Peter Kranz doesn't even slow down as he threads the concrete jungle of industrial parks, shopping strips and housing developments between Baltimore and Washington, seeking unpaved islands that hold secrets to Maryland's prehistoric past.
"This is Eastern geology, yes sir," he said with a chuckle, steering his rickety van toward an eroded outcrop hidden in Bladensburg, where 100-million-year-old fossilized logs of bald cypress stick out of the gray clay just yards from a trucking terminal.
"Most of the dinosaur bones in Maryland have been found in that layer, and there're probably some in here," said Dr. Kranz, picking through red nodules of iron ore and blackened splinters of fossil wood on the surface.
Dinosaurs did roam the state during a period from about 228 million to 70 million years ago. For much of that time, Maryland was a low, broad plain cut by rivers and undergoing stresses from volcanic and seismic activity. It was a lush, tropical environment bursting with plant and animal life.
Dr. Kranz has found more evidence of local dinosaurs than any other living person, including the recent discovery of a tooth from a brick company's quarry near Laurel that may represent the first new dinosaur species identified in Maryland in a century.
The 46-year-old "free-lance" paleontologist, entrepreneur and Washington science teacher will report on the tooth at a news briefing in Baltimore tomorrow. The public can meet him at the opening of the Maryland Science Center's "Dinosaurs: Back in Time" exhibit this Saturday.
Dr. Kranz's earnest mission is to learn as much as possible about the dinosaurs of Maryland by recruiting legions of amateurs to comb the state for fossils he "knows" are there, and that means spreading the word, especially to those most fascinated by dinosaurs, children.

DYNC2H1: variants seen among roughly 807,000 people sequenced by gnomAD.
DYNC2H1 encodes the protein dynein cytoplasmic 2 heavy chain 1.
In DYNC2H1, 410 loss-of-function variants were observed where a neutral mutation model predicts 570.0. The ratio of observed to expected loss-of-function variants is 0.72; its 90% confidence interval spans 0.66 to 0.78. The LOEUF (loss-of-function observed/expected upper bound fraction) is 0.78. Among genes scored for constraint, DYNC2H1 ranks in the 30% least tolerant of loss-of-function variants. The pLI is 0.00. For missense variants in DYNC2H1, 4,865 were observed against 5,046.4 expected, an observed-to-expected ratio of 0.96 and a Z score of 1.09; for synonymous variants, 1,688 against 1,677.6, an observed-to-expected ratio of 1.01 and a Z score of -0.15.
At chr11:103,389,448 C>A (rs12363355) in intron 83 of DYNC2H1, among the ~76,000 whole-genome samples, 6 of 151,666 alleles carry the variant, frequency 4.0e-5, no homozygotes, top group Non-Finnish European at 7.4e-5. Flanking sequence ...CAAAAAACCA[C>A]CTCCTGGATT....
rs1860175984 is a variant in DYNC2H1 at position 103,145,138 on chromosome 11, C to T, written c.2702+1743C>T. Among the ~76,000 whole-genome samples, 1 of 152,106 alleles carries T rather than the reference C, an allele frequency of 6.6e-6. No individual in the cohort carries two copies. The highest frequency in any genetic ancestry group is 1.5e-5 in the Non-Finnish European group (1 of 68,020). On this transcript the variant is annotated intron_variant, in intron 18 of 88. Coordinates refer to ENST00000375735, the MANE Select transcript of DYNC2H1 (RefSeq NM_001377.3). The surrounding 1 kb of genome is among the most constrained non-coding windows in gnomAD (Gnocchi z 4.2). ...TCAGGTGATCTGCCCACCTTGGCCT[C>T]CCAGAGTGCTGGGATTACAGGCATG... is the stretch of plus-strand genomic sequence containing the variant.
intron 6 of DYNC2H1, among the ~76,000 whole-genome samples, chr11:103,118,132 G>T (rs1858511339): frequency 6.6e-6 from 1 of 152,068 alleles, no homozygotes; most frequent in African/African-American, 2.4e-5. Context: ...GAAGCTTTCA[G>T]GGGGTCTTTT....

He wants Maryland to proclaim a "state dinosaur" -- Astrodon, a medium-sized plant-eater whose remains are the most abundant the state -- and hopes to change to "Capitalsaurus" the name of a species of dinosaur discovered on Capitol Hill in Washington in 1898.
"People think dinosaurs existed only out West," he said. "It's true that fewer fossils have been found here, mostly teeth and fragments of bone. But that doesn't mean they aren't out there if we just look."
His pamphlet, "Dinosaurs in Maryland," published in 1989 by the Maryland Geological Survey, identifies at least a half-dozen species thought to have lived here, almost all in a narrow strip of coastal plain running diagonally from Cecil County to Washington.
That area -- known to geologists as the Arundel Formation -- is a layer of gray clay eroded from the Appalachian Mountains and containing iron ore that was mined in Maryland from Colonial times to just before World War I, largely along the route of U.S. 1.
The mining excavations turned up dinosaur fossils from a period of the geologic past known as the Early Cretaceous, approximately 130 million to 95 million years ago. Dinosaurs lived from 230 million years ago until 65 million years ago.
And the Early Cretaceous has produced very few fossils in the dinosaur scheme of things.
The bulk of North American dinosaurs discovered so far are from the Late Jurassic (160 million to 130 million years ago) -- examples are Allosaurus and Stegosaurus -- or the Late Cretaceous (90 million to 65 million years ago), featuring Tyrannosaurus and Triceratops.
"Maryland is the only place on the East Coast to yield up Early Cretaceous," said David B. Weishampel, an anatomy teacher at the Johns Hopkins University Medical School and known for his dinosaur finds in Montana. "It is in fact an island of important information."
Unlike the fertile bone beds in the Western United States, fossils in the East face a wet, dynamic environment that erodes soil and quickly covers it with vegetation, and rampant development, which has "paved everything from Maine to Florida," Dr. Weishampel joked.
Most of the historic evidence in Maryland was unearthed in the late 1800s in the so-called "Dinosaur Alley" between Baltimore and Washington from mining sites near towns along U.S. 1.
Two respected fossil hunters made the finds: John Bell Hatcher of Yale University in 1887-1888 and Arthur Barnevald Bibbins, a graduate of the Johns Hopkins University who later taught geology at Goucher College, from 1894 to 1896.
And the hundreds of bones and teeth they discovered belonged creatures identified as Astrodon; Priconodon, a plant-eating ankylosaur; Archeornithomimus, an ostrich dinosaur; Coelurus, a small meat-eater; Tenontosaurus, a large, powerfully built vegetarian; and Dryptosaurus, a fierce carnivore in the Tyrannosaurus mold.
Now housed in the fossil collection at the Smithsonian's Museum of Natural History in Washington, these 19th-century fossils represent the last methodical effort to exhume Maryland's dinosaur past until eccentric Peter M. Kranz dived headfirst into the pursuit in the mid-1980s.